Imphal Review of Arts and Politics

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Diversification and accommodation is the key to social resilience

Irrational Conservatism Has Been the Pitfall For Many Societies in the Past and Will Remain so in the Future

The travails of extra conservatism could not have been better illustrated than by Jared Diamond in his important book “Guns, Germs and Steel: The Fate of Human Societies”. Diamond provides some very interesting insights in his probe for an answer to the intriguing question of why some societies have progressed far ahead of others, although the race to modern civilisation was flagged off about 13,000 years ago for everybody, as the last Ice Age receded. Diamond who discounts the race theory from an evidentiary standpoint, says besides geography, which is a primary factor, at higher stages of evolution, it is also the willingness of different societies to accept and adapt to changing times which made the difference between winning and losing in many cases.

Two examples from not too distant past, therefore within the realm of recorded history, are striking. One is the case of the abandonment of world dominating sea faring vessels by China’s Ming Dynasty 500 years ago. Diamond recalls from records that in the 1400s the Chinese Empire had developed over 3500 ocean worthy ships and its traders were routinely touching the shores of the African continent besides ports nearer to them. If these trade explorations had been allowed to continue unhindered, or better still received regime patronage as in many European powers, he speculates that the Chinese may have beaten Europeans even in reaching the Americas.

If this had been the case, the history we know today, could have been a very different one. But Ming rulers however became insecure that the rise in stature and power of the newly emerged wealthy mercantile elites may surpass their own, and consequently their hold on the people’s imagination as leaders, therefore decided to ban these seaward ventures, and destroyed all of more than 3500 existing ocean worthy ships in possession of Chinese traders. The Ming rulers also banned any further development of such ships. This devastation of China’s shipyards was complete by 1525, Diamond notes.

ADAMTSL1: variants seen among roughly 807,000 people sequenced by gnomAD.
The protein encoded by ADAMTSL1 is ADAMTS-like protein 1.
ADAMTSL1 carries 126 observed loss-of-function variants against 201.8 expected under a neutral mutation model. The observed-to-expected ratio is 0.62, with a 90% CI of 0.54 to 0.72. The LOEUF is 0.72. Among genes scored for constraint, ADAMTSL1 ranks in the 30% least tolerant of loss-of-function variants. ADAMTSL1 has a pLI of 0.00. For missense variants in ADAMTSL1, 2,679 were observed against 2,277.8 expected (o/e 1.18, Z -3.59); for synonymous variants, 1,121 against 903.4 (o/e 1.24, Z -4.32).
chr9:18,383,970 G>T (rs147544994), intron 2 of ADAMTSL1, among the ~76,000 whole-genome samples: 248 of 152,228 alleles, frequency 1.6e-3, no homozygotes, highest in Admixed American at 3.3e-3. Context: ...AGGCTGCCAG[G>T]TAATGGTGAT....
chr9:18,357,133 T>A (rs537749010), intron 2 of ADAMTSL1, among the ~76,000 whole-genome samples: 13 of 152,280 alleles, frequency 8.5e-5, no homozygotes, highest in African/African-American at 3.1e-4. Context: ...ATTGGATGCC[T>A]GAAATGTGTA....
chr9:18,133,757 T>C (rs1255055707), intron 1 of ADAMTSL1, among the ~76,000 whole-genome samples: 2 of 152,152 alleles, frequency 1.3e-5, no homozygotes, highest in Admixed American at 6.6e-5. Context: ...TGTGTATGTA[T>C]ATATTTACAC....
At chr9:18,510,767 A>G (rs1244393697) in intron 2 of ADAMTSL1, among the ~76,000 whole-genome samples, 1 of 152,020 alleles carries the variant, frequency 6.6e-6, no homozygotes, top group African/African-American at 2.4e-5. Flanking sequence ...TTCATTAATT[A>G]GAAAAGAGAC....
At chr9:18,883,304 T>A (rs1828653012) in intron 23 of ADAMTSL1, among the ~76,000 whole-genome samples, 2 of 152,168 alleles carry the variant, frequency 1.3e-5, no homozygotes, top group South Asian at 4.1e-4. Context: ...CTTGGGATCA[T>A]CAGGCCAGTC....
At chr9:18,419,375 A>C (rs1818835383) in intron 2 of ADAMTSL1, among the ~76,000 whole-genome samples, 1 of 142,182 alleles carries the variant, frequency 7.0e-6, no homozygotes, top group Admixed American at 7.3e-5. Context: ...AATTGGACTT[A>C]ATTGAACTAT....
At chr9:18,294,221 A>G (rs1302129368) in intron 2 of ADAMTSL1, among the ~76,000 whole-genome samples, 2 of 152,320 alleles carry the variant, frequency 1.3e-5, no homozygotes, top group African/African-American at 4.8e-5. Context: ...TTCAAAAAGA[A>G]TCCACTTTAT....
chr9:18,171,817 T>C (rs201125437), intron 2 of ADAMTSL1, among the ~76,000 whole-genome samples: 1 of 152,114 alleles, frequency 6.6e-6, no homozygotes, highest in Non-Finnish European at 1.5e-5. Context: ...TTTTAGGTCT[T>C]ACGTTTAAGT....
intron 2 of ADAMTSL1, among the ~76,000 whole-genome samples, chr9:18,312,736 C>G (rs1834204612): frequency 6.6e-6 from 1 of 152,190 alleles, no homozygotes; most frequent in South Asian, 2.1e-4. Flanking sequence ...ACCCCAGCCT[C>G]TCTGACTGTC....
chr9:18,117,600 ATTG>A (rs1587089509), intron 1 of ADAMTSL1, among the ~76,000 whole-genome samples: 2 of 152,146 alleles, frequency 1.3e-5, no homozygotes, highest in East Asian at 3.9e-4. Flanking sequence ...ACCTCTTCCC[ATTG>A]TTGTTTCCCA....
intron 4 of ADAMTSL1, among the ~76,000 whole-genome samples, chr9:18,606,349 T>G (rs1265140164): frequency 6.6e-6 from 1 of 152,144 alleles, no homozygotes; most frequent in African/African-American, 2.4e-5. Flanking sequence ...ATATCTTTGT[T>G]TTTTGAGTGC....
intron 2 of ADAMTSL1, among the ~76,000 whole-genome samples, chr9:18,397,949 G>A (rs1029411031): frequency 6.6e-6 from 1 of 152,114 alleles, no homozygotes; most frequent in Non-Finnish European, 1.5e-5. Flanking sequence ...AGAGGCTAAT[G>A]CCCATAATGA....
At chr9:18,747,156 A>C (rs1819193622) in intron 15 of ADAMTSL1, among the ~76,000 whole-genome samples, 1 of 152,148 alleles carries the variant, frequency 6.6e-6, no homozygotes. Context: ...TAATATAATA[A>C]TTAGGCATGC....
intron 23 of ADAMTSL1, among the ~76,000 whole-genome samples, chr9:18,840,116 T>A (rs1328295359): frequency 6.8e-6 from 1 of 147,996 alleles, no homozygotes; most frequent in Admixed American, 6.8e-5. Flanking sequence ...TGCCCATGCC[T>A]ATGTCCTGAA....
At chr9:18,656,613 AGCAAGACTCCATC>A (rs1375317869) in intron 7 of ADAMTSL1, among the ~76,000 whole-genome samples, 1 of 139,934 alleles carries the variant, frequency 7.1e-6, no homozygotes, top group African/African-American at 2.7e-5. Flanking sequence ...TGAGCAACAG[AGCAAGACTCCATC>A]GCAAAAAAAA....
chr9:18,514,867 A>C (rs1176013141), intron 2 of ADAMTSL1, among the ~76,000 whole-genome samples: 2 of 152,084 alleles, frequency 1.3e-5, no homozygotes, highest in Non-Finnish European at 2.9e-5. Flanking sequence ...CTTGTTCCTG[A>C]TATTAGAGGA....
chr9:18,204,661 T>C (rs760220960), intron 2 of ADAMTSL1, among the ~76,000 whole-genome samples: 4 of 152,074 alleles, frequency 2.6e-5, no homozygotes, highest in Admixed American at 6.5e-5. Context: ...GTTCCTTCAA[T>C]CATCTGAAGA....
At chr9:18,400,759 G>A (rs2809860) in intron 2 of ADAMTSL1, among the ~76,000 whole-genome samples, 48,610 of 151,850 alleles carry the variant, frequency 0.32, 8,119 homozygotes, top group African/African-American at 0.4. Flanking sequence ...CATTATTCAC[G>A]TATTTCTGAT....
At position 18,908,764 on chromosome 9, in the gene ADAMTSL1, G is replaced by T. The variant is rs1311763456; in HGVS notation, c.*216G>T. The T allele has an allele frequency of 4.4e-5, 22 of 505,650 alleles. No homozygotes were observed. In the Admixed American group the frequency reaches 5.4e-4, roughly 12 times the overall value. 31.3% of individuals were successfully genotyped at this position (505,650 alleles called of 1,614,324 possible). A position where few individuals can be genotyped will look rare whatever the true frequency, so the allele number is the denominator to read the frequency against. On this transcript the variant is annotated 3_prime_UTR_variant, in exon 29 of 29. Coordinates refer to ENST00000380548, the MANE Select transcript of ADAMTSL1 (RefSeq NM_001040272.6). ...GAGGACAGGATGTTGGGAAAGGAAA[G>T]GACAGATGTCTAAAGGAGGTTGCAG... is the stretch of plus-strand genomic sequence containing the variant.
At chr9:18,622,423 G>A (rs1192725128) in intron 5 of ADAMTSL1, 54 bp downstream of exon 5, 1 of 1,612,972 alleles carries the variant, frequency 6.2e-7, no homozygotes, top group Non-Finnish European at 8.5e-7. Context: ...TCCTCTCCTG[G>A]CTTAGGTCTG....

The other case Diamond uses to demonstrate how conservativism has worked against the ascendence of a society in the race for supremacy is that of Japan’s Tokugawa Shogunate (1603–1867) imposing a sever restriction of gun manufacture and ownership in Japan in 1629. Japan had learnt gunpower making technology from China since the 1300s but there was little effort to weaponize the technology. But in 1543, some Japanese learnt the potency of guns from encounters with Portuguese, and had begun developing gun making technology themselves from what Diamond calls blueprint replication.

However, the conservative ruling class, steeped in the Samurai culture, where even combats to settled disagreement between individuals or even the act of committing suicide (hara-kiri) had been ritualised to make them elaborately ceremonial, saw the rise of a gun culture as a corrupting influence on Japanese tradition, marginalising and rendering the Samurai tradition redundant. This led to laws that put severe restrictions on gun ownership and development. Had this not been so, Diamond speculates, Commodore Perry would not have had it so easy to overwhelm Tokyo in 1853 with just four cannon armed ships and firearm equipped soldiers, forcing the Convention of Kanagawa in 1854 to compel Japan to open up to American trade on American terms, leading history’s trajectory towards what we know today. But the fact is, while history as we know it today is a reality beyond revision, what must be noted is, this reality was never something inevitable while the events that made it were still in the process of unfolding.